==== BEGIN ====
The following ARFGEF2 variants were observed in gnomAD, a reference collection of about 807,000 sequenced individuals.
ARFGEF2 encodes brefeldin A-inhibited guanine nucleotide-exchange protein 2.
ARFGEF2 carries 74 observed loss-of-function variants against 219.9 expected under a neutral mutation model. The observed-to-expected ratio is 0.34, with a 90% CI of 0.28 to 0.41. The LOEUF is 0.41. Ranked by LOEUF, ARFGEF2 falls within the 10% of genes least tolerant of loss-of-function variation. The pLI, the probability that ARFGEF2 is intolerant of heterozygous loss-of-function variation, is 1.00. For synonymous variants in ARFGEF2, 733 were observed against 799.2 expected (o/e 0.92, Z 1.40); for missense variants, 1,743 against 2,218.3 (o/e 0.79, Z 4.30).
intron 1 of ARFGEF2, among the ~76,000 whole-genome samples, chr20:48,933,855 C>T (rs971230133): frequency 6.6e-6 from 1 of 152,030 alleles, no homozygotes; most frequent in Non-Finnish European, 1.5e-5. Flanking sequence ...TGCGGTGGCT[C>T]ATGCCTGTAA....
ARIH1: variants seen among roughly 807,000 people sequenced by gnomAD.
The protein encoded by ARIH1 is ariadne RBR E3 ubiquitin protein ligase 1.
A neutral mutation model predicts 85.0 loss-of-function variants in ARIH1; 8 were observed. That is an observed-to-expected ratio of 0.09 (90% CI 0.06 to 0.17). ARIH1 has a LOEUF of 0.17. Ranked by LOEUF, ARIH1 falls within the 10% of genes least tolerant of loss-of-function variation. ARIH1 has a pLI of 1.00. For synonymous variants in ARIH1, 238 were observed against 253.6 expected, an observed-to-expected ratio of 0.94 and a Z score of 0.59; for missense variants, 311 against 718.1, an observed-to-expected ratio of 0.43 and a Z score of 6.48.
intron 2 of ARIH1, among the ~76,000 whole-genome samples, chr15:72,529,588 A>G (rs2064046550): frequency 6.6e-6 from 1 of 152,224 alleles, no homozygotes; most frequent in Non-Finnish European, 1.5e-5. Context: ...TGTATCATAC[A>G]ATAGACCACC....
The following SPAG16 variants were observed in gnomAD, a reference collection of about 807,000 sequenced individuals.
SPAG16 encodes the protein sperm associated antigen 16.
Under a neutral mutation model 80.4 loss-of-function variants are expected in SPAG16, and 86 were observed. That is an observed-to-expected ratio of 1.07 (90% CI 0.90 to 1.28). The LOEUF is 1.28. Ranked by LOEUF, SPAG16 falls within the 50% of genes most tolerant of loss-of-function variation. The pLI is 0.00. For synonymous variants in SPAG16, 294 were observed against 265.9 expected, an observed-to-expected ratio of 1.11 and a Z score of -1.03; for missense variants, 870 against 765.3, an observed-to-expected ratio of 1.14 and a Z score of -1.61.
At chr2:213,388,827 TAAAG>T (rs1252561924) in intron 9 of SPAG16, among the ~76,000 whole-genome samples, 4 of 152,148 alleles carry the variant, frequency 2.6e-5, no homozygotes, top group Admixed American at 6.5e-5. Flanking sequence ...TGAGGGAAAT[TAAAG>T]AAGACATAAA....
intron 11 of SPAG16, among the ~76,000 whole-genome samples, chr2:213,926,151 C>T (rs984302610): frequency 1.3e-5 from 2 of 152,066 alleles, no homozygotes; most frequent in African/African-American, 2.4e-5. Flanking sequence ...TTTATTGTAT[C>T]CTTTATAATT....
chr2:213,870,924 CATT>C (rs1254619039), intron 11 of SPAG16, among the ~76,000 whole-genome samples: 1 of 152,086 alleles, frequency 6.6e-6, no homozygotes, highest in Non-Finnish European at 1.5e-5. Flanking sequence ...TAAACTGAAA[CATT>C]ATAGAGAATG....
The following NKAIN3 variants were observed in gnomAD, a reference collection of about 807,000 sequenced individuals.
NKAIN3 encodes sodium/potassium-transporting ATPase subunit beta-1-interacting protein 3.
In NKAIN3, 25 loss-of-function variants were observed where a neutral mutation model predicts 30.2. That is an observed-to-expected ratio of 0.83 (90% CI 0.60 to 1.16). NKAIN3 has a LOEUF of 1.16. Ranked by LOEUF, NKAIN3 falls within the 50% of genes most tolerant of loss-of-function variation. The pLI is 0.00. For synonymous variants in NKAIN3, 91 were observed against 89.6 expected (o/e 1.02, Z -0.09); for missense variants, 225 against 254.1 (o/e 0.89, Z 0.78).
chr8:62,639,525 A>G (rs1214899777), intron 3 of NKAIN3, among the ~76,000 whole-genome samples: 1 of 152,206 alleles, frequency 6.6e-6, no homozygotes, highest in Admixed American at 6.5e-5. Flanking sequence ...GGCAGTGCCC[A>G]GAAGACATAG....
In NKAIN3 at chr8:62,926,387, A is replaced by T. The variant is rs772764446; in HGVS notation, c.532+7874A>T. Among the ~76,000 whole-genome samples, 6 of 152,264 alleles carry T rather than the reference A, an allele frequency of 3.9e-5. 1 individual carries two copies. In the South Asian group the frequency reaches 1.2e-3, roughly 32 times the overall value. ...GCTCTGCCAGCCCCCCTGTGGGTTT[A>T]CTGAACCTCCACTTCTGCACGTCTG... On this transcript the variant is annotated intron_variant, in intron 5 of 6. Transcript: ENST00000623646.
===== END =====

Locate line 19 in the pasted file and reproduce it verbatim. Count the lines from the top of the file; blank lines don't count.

In NKAIN3 at chr8:62,926,387, A is replaced by T. The variant is rs772764446; in HGVS notation, c.532+7874A>T. Among the ~76,000 whole-genome samples, 6 of 152,264 alleles carry T rather than the reference A, an allele frequency of 3.9e-5. 1 individual carries two copies. In the South Asian group the frequency reaches 1.2e-3, roughly 32 times the overall value. ...GCTCTGCCAGCCCCCCTGTGGGTTT[A>T]CTGAACCTCCACTTCTGCACGTCTG... On this transcript the variant is annotated intron_variant, in intron 5 of 6. Transcript: ENST00000623646.